- Gordon Pennycook Gordon Pennycook, assistant professor of behavioural science at the University of Regina, is researching why people share disinformation on social media and what would make people think more critically about the information they share.
Social media can become a whirlpool of information both true and false, but a lot of disinformation is only circulated because people don’t think critically before they click the share button, according to a University of Regina professor and researcher.
Gordon Pennycook, an assistant professor of behavioural science at the U of R, has been researching why disinformation — false information intended to mislead people — is so widely shared on social media and what can be done to prevent it from spreading.
At the heart of that research is a single question: Why do people believe and share false content online?
While many may think people share fake news on social media to push a certain political or ideological agenda, Pennycook said this does not appear to be the case.
“What we found is that’s not really a good explanation of what’s going on. Rather, the evidence was more in line with the idea that people are just not thinking that much when they’re on social media,” he said.
“It’s mostly a lazy thinking problem.”
In an experiment, Pennycook asked one group of people if they thought a Facebook post with a news headline was accurate, and did not mention accuracy to the second group. He then presented both with different Facebook posts and asked which ones they would share.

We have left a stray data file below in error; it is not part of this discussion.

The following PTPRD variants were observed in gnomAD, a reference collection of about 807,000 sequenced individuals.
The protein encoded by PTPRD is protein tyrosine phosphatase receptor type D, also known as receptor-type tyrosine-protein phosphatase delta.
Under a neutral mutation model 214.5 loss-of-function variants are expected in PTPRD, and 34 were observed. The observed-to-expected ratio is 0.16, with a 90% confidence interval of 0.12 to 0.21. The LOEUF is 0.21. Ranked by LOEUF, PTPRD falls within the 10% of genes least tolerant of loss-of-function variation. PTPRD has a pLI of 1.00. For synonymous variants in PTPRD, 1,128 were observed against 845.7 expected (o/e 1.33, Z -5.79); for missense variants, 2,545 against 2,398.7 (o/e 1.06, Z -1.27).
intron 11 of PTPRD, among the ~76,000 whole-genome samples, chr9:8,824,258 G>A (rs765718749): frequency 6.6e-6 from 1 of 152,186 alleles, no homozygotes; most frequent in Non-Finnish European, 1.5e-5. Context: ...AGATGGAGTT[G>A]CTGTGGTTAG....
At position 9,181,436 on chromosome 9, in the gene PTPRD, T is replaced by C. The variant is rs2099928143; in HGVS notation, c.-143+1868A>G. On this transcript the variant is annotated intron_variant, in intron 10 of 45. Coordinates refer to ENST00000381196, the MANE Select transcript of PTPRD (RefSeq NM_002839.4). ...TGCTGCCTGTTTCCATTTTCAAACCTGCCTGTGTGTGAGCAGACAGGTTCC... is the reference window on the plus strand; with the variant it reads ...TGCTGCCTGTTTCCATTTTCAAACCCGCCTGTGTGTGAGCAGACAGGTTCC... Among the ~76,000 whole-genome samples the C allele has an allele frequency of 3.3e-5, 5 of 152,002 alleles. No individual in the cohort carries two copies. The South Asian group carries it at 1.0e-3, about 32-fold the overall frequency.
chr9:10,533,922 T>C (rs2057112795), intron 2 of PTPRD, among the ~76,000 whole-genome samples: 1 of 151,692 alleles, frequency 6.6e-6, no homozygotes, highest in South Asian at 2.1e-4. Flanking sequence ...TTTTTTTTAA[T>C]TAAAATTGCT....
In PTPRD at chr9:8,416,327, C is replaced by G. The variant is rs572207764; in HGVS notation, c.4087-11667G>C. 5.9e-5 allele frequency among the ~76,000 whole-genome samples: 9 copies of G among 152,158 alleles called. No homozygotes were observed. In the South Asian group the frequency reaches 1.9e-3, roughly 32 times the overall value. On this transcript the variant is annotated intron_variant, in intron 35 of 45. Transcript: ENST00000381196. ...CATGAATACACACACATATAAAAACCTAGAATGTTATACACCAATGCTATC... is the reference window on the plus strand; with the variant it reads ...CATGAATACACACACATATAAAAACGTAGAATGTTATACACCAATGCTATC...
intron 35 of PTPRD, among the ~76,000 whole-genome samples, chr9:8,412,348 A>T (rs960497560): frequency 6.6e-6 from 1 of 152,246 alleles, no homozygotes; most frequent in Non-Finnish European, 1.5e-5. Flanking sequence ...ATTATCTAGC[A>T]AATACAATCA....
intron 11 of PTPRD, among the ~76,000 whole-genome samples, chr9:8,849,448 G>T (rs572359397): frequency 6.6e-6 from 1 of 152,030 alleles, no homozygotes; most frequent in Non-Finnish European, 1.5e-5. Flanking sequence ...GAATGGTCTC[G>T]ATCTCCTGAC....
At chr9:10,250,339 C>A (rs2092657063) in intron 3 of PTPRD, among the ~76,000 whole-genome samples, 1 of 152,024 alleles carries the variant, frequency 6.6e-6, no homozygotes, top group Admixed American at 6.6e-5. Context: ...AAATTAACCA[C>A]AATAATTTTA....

The group who had been asked to consider accuracy in a previous headline were “more discerning” in what they chose to share afterward, he said. He added this shows a simple reminder for people to think critically about the information being shared on social media is sometimes enough to prevent its spread.
Pennycook recently received more than $316,000 from the Social Sciences and Humanities Research Council to further research the topic and what effective interventions would look like on social media to encourage more critical thinking.
While he noted that more research needs to be done into effective interventions, he said they may not be complicated solutions.
“Getting them to stop and think is the first step,” he said.
Social media platforms running ads reminding users of the importance of accuracy could work, or even an alert prompting users to consider if the information in the post is true right before they click to share. But these methods only work if the person can discern fact from fiction. Pennycook suggested some basic education on how to recognize disinformation could also be helpful, like encouraging people to check the source or ask themselves if the information makes sense.
Ideally, Pennycook would like to see social media companies implement some kind of simple intervention to encourage people to consider the accuracy of the information they’re sharing.
“The hope is just that with enough pressure and evidence for the effectiveness, eventually it will convince them to do it, so that’s the goal,” he said.